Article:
Plans for a hypersonic passenger jet to cut the long-haul to the Far East to three hours or less have been in the pipeline for nearly a decade. Super-fast planes that travel at several times the speed of sound were once confined to the pages of science-fiction novels but experts are working towards making them science-fact.
British company Reaction Engines is testing hypersonic aircraft which could travel at speeds of Mach 2.5 all the way up to Mach 5. And Nasa is reportedly working on the next generation of passenger planes, looking to create sleek and safe craft to combat the current ban on supersonic flight over land.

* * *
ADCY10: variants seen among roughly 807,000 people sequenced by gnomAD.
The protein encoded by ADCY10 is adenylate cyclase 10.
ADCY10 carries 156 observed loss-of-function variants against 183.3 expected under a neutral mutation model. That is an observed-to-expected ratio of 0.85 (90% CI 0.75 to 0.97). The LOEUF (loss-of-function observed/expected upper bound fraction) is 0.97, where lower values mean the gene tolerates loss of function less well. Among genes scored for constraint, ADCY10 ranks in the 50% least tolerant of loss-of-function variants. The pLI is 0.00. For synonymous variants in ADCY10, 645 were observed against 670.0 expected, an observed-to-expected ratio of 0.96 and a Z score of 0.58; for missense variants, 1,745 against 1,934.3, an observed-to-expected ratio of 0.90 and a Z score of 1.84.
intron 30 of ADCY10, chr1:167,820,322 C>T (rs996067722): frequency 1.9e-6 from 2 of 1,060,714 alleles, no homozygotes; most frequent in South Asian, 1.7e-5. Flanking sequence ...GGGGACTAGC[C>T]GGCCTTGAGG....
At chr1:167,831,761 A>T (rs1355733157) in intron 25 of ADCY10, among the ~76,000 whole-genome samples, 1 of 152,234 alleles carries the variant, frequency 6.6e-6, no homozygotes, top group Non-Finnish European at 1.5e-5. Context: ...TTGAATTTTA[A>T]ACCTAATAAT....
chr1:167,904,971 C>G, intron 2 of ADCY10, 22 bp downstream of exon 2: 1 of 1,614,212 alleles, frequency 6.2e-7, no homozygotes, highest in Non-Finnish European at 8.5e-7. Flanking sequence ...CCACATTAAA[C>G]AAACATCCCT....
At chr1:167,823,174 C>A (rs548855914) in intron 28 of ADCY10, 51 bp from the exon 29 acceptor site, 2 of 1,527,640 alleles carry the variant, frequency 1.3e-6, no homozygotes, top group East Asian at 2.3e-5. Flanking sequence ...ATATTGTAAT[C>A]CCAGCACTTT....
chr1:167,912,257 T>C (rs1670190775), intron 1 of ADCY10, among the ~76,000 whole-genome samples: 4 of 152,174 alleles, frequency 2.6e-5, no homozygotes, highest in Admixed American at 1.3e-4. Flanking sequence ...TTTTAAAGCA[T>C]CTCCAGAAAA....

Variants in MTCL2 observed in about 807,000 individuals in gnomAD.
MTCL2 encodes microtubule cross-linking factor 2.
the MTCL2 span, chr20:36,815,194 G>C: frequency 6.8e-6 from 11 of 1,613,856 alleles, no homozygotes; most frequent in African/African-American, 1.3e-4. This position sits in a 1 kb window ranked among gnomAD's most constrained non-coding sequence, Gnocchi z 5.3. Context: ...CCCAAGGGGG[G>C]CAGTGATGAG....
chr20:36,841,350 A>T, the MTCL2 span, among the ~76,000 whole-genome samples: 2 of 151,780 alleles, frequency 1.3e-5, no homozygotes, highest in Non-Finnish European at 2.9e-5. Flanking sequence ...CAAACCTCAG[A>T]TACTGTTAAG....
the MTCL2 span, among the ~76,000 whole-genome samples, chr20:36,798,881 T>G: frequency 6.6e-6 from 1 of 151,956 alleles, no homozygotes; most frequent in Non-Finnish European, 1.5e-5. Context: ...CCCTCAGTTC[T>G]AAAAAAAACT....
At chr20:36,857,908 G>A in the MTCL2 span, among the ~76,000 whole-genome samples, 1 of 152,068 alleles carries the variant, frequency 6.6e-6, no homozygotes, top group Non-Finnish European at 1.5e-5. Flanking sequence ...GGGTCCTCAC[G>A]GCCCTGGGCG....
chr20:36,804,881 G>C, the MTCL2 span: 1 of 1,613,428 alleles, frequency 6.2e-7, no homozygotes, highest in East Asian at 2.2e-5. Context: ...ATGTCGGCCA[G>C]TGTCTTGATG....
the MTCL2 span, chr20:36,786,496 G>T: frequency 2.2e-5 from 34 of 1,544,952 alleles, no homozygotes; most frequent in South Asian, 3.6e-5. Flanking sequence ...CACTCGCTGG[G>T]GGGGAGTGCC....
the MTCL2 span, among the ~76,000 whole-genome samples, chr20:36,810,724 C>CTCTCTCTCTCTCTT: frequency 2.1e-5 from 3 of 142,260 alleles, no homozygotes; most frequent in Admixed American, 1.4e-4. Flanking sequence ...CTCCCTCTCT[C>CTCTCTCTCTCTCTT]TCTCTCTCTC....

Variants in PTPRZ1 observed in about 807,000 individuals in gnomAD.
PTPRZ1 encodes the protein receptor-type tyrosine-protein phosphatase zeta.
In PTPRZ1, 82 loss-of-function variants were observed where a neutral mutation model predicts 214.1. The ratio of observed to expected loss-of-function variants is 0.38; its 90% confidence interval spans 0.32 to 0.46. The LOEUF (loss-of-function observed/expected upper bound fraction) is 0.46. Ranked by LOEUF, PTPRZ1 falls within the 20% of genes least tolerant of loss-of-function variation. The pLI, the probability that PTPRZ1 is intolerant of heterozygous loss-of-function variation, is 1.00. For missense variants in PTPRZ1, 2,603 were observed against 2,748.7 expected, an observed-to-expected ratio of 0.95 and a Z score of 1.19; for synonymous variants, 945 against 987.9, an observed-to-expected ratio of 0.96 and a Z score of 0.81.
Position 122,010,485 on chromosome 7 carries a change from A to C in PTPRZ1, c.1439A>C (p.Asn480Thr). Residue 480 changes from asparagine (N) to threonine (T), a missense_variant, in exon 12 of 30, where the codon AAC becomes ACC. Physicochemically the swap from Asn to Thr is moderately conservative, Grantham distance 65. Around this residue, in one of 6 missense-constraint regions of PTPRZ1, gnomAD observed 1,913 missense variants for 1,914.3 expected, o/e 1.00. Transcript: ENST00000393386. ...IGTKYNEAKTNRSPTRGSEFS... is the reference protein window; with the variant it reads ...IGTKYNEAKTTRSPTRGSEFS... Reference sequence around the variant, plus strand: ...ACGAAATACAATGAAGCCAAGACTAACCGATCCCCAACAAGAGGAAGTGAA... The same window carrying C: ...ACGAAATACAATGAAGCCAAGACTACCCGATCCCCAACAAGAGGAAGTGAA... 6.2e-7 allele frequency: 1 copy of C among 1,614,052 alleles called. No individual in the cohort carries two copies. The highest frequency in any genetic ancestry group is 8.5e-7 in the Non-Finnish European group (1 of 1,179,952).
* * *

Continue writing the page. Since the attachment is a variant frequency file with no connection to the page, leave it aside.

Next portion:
In 2010, the Australian military tested potential hypersonic flights with limited success.
Although they mastered take-off and flight speeds of 5840kmph as the jet hurtled towards the stars, it broke up on the way back down to earth and crash landed 10 minutes after launching. Such speeds would see the journey from London to New York cut to just 58 minutes, while a jaunt to Japan would be around three hours. While proposals are currently many and varied, delivering the technology is a long way off.
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